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What To Know About Texas’s Online Sales Tax



Monika Miles

Have you been following the online sales tax debate? Congress hasn’t been able to come up with a solution at this point, so states are taking matters into their own hands. This series showcases how various legislatures across the country are approaching the issue. So far we’ve covered Colorado, Alabama, and Washington. This week we take a look at Texas.

A Summary of Texas’ Online Sales Tax Legislation

Although the 1992 court case, Quill Corp. v. North Dakota, set precedent that companies need to collect sales tax from customers in states where the business has a physical presence (or nexus), many states – including Texas – interpret that to mean that they can collect sales tax if your enterprise has established nexus in their state by other than just physical presence. This is often referred to as economic nexus.

Texas Tax Code provides various definitions of nexus; as Nolo.com explains, these two statutory definitions* specifically apply:

  • Definition 1: Maintaining a place of business in the state directly, or indirectly or through a subsidiary or agent.
  • Definition 5: A catch-all that states that a retailer who solicits orders by mail or other media can be required to collect and pay sales tax if permitted by federal law.

In cases that don’t require the online retailer to collect sales tax, the customer is supposed to pay the tax; this makes it a use tax rather than a sales tax. However, many residents are unaware of this law and don’t ultimately self-remit the taxes (note that many states, including California, offer residents a place on their individual income tax returns to report out of state, online sales for which use tax is due. However, Texas does not have an individual income tax, so there’s no easy way to encourage compliance and collect the use tax).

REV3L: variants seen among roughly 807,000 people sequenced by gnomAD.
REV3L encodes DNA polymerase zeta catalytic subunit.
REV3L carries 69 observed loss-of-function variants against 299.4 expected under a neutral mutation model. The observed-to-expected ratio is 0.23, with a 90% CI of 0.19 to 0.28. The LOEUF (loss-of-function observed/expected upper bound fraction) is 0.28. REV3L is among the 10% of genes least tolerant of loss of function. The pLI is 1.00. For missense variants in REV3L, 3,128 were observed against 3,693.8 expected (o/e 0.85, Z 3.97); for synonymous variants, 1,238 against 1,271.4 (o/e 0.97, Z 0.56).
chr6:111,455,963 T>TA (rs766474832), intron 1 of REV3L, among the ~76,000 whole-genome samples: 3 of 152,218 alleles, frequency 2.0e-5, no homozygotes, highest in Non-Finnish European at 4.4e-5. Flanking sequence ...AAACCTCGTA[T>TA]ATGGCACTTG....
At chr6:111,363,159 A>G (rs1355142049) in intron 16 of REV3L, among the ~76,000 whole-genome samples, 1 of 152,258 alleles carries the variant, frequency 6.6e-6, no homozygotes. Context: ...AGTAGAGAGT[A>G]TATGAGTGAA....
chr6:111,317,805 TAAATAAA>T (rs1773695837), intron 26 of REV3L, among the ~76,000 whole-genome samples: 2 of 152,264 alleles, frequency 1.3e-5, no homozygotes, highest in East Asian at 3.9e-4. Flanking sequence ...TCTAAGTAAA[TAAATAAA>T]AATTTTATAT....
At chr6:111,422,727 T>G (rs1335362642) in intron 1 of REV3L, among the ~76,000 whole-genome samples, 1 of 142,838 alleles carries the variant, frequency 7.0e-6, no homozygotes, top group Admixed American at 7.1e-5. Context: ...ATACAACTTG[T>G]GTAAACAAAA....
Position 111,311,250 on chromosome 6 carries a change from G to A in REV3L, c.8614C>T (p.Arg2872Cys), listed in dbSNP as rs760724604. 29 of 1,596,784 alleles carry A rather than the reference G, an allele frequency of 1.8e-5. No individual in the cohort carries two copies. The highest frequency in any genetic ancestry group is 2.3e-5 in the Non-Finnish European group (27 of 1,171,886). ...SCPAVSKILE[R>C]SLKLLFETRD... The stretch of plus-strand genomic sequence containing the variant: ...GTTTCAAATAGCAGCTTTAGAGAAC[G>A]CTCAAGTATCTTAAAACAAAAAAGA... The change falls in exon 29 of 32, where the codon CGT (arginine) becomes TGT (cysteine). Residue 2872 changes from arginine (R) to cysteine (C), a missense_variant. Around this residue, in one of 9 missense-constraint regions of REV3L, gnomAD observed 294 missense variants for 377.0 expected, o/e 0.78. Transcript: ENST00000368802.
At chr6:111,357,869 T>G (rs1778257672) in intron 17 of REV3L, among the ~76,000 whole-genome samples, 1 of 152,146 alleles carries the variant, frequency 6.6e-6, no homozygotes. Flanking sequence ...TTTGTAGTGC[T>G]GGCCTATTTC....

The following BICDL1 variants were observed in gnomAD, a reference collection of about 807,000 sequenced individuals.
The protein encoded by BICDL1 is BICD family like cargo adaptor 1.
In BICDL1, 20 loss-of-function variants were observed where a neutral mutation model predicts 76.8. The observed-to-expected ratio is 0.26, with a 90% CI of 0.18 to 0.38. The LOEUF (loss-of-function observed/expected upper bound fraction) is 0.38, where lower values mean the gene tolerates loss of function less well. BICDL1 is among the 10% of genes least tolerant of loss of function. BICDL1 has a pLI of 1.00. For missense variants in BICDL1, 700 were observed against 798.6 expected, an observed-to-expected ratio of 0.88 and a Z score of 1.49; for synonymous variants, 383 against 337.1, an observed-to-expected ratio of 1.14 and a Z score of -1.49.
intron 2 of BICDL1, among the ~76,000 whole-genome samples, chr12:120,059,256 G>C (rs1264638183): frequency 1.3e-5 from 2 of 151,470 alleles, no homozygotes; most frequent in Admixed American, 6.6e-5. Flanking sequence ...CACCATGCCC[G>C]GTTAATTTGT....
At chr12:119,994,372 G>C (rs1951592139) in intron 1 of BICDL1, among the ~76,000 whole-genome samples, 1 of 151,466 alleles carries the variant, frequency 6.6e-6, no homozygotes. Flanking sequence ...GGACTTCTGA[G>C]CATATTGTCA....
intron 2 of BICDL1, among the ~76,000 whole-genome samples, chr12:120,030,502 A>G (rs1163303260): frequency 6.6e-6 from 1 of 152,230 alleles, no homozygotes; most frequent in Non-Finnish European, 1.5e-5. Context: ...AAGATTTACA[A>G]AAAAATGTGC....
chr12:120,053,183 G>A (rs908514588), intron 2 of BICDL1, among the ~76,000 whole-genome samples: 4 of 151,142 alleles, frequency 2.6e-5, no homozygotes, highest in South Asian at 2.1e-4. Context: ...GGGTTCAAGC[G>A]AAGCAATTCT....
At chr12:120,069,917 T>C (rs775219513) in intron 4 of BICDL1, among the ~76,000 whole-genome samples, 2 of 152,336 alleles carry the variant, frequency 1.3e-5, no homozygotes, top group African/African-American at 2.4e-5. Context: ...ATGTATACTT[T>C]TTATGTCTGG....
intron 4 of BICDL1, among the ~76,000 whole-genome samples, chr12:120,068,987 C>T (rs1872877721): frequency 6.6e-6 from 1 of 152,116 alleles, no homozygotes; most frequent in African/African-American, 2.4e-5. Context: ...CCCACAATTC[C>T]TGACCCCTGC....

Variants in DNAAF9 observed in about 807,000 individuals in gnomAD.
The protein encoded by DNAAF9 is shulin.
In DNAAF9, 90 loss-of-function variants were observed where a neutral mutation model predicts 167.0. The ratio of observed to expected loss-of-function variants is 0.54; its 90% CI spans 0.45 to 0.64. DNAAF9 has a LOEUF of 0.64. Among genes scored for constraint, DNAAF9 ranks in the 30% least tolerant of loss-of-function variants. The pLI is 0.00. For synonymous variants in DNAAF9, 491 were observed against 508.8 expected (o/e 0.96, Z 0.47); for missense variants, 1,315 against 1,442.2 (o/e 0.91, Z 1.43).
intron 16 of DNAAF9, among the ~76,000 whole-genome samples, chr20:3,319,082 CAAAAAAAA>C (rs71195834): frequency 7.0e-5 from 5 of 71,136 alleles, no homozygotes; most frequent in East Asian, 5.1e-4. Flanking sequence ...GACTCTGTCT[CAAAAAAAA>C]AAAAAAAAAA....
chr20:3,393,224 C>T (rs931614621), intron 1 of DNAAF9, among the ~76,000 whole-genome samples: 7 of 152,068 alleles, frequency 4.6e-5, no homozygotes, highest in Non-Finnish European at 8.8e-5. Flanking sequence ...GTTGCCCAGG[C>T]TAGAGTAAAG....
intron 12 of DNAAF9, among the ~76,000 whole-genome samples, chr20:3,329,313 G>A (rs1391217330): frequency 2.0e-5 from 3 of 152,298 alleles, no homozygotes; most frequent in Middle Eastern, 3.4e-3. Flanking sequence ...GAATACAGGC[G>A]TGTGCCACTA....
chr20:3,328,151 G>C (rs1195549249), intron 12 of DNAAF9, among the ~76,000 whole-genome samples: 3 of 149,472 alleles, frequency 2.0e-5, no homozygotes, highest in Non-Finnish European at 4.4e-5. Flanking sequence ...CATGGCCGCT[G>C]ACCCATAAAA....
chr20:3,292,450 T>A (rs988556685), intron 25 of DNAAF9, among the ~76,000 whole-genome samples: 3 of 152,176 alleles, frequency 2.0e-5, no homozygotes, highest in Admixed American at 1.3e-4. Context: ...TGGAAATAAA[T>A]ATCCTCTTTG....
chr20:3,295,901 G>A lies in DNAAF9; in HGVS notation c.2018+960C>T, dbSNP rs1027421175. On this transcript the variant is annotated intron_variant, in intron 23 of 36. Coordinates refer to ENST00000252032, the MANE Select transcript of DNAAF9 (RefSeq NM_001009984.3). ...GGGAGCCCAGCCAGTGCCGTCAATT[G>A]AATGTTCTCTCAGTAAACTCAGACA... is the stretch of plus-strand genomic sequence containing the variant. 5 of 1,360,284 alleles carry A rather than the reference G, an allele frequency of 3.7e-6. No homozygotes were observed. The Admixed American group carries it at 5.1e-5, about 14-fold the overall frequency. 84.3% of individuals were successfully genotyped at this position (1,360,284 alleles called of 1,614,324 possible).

*Other definitions in the code spell out what it means to be a direct sales organization, in disaster or emergency-related work, engaged in business or a place of business, a kiosk, a seller, etc. Although they don’t specifically relate to online sales tax, they are important to be aware of if your business falls within their parameters so you can ensure you’re following any laws that apply to your organization.

Texas’ Potential Upcoming Sales Tax Legislation

In April, an ‘Amazon Law’ bill was introduced to the Texas state Senate Finance Committee. San Antonio Senator Carlos Uresti introduced SB 1713 to the committee; it would mean that any retailer with more than $500,000 in sales or 1,000 transactions from Texans each year would need to collect and remit sales tax to the state. Uresti estimates the bill, “Could bring in anywhere between $250 million to over a billion dollars a year in sales tax revenues, based on a number of studies.” SB 1713 is still pending in the committee.

Ramifications of Texas’ Online Sales Tax Legislation

If SB 1713 passes, online retailers will need to pay attention to sales made in yet another state, as they could be liable for sales tax even if they haven’t established nexus.

As more states approach internet sales tax with this type of legislation, it becomes vital for companies to be aware of fees they’re responsible for paying. Stay tuned for our next post in the series – a look at Arizona.

Monika Miles

Monika founded Miles Consulting Group which focuses on multi-state tax consulting, helping clients navigate state tax issues such as sales tax and income tax in interstate commerce, including e-commerce.

Prior to forming the firm, Monika worked for 12 years combined in Big 4 Public Accounting and private industry. Monika has provided such services as federal and state income/franchise tax compliance and consulting, sales/use tax consulting, audit support, and credits and incentives reviews. She has served clients in a variety of industries including manufacturing, technology, telecommunications, construction, utility, retail and financial institutions.

Monika graduated from the University of Texas at El Paso (UTEP) with a BBA in Accounting/Finance and has a Masters in Taxation from San Jose State University.